The Velvet Underground & Nico – Reflecting What You Are

If 1968 was the year that changed the world, then I’d go as far as to say 1967 was the year the world was truly creative – Liverpool alone contributed Sgt. Pepper’s Lonely Hearts Club Band as well as poetry’s The Mersey Sound. But across the other side of the Atlantic something truly ground-breaking was about to appear – indeed if Helen was the face that launched a thousand ships then The Velvet Underground was the muse that launched a thousand bands.

Yes, fifty years ago, an album appeared more ahead if its time than anything that had gone before, and some would say since, from a group of New York misfits, marketed by the creative genius that was Andy Warhol. That album was The Velvet Underground and Nico.

The story of this iconic band starts in 1964 when Lou Reed met experimental instrumentalist John Cale and they formed a band called The Primitives. With Reed on guitar and Cale playing anything and everything, they eventually added guitarist Sterling Morrison and a percussionist, Angus Maclise. After a brief name change to The Falling Spikes they eventually settled on ‘The Velvet Underground’ after Michael Leigh’s book about the secret sexual subculture of the 1960’s. When Maclise suddenly left the group, Morrison brought in Maureen Tucker to play drums and, with her unique approach to percussion, the band’s classic sound began to take shape.


The band was eventually introduced to Andy Warhol and became part of his pop art roadshow, Exploding Plastic Inevitable, which operated out of Warhol’s studio, The Factory, on New York’s Union Square West. The exposure significantly raised their profile and whilst Warhol was content to leave them to their own devices, he did introduce German model Nico to the band. Whilst it wasn’t a happy mix and new material had to be written to accommodate her presence, Warhol had clearly seen the marketing opportunity to be exploited and so in 1966 they began recording the album. The initial feedback from the music industry wasn’t good however with much of the material having to be re-recorded before a new producer, Tom Wilson, was brought on board. Wilson had produced the likes of Bob Dylan and Simon & Garfunkel, and therefore sat well with Warhol’s wider marketing approach which was to be reflected in the iconic album cover of a peel away banana as well as the tag ‘produced by Andy Warhol’.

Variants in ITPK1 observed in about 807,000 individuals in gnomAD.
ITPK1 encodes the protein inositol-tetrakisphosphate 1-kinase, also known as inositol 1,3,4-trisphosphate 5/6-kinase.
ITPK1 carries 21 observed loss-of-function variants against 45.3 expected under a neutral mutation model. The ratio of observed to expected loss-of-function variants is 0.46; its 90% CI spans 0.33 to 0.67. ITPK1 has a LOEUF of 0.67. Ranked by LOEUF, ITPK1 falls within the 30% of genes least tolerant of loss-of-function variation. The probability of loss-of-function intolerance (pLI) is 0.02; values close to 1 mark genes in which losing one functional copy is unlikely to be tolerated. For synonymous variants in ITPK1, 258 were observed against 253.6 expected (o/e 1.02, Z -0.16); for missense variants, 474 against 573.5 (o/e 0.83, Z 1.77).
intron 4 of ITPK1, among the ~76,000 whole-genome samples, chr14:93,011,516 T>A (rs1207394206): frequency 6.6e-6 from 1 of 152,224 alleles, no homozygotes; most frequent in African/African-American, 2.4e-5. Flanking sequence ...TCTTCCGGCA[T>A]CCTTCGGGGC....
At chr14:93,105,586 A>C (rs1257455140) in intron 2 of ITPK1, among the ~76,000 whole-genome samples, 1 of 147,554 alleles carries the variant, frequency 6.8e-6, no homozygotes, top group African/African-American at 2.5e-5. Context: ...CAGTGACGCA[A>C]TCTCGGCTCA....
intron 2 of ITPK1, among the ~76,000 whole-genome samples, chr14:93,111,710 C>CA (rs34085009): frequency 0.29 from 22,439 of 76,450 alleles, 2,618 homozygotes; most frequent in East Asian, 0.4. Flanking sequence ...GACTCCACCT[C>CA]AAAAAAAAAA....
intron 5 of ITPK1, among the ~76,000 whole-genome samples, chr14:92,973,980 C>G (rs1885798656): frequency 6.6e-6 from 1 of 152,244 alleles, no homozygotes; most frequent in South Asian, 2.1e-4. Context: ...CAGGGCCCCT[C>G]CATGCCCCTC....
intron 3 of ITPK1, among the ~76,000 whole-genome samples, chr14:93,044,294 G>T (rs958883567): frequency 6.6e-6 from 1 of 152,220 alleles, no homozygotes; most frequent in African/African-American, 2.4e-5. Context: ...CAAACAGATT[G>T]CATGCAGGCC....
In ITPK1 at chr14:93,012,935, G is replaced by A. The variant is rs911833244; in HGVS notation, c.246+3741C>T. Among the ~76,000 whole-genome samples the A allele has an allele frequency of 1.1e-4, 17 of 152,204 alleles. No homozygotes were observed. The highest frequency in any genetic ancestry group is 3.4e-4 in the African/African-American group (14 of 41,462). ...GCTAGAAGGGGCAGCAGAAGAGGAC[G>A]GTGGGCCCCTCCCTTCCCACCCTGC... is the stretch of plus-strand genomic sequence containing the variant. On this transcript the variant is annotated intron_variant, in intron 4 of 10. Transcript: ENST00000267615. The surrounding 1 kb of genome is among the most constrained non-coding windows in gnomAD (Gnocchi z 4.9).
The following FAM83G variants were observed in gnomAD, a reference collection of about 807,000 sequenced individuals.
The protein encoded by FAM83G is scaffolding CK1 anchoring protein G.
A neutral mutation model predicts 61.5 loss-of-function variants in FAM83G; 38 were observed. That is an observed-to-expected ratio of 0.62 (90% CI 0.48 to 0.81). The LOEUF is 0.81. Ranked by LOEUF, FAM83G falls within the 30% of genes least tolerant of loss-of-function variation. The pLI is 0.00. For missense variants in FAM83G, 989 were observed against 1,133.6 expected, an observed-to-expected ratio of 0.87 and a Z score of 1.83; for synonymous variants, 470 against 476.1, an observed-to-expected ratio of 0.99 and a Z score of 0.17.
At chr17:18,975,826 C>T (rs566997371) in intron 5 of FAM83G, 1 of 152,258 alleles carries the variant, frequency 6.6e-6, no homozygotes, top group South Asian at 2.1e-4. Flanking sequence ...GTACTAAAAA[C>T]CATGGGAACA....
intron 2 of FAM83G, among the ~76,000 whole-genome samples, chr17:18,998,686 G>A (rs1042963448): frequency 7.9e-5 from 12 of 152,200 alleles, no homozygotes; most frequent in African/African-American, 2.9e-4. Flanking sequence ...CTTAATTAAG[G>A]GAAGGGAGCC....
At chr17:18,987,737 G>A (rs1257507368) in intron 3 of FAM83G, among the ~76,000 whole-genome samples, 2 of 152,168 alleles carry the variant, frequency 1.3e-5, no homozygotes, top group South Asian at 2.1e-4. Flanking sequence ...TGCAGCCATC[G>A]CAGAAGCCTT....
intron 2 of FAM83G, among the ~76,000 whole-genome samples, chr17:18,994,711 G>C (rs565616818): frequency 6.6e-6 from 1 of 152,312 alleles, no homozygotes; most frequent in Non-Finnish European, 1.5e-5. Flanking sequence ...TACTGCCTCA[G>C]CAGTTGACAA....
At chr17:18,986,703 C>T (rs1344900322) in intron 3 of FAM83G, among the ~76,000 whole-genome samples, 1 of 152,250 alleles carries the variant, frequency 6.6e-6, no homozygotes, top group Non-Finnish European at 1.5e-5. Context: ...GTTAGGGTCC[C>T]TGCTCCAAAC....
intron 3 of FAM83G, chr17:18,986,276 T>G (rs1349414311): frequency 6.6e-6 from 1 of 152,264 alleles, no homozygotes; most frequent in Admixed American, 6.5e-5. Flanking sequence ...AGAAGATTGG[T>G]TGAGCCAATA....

It’s an eclectic album that captures the harsher, grimier Velvet Underground staples alongside softer and more welcoming tracks designed to showcase Nico (although Reed in fact sings the opening song ‘Sunday Morning’ which had been intended for her). The album was released on 12th March 1967 but because of a pending lawsuit (the image of an actor was inadvertently featured in a photo of the band performing that was on the album’s back sleeve) it was withdrawn and redistributed in the summer.


Despite the Warhol influence though, the album was not a commercial success and shortly afterwards the band broke from Warhol with ‘temporary’ member Nico also left to go her own way. The Velvet Underground would go on to release three more seminal albums. 1968 saw White Light/White Heat again capturing the harsh and brutal side of New York life although offset by some comic humour. At this juncture, Cale departed following artistic differences with Lou Reed and was replaced by Doug Yule who was to feature on the more gentle and melodic 1969 album The Velvet Underground. Following a year on the road, 1970 saw their final studio album, Loaded, whose more accessible tracks reflected the record company’s demand for more hits. Whilst credited on the album, Tucker was in fact on maternity leave and percussion was covered by a few drummers including Yule’s younger brother, Bobby, who was to play with the band as part of their legendary nine-week residence at New York nightclub, Max’s Kansas City.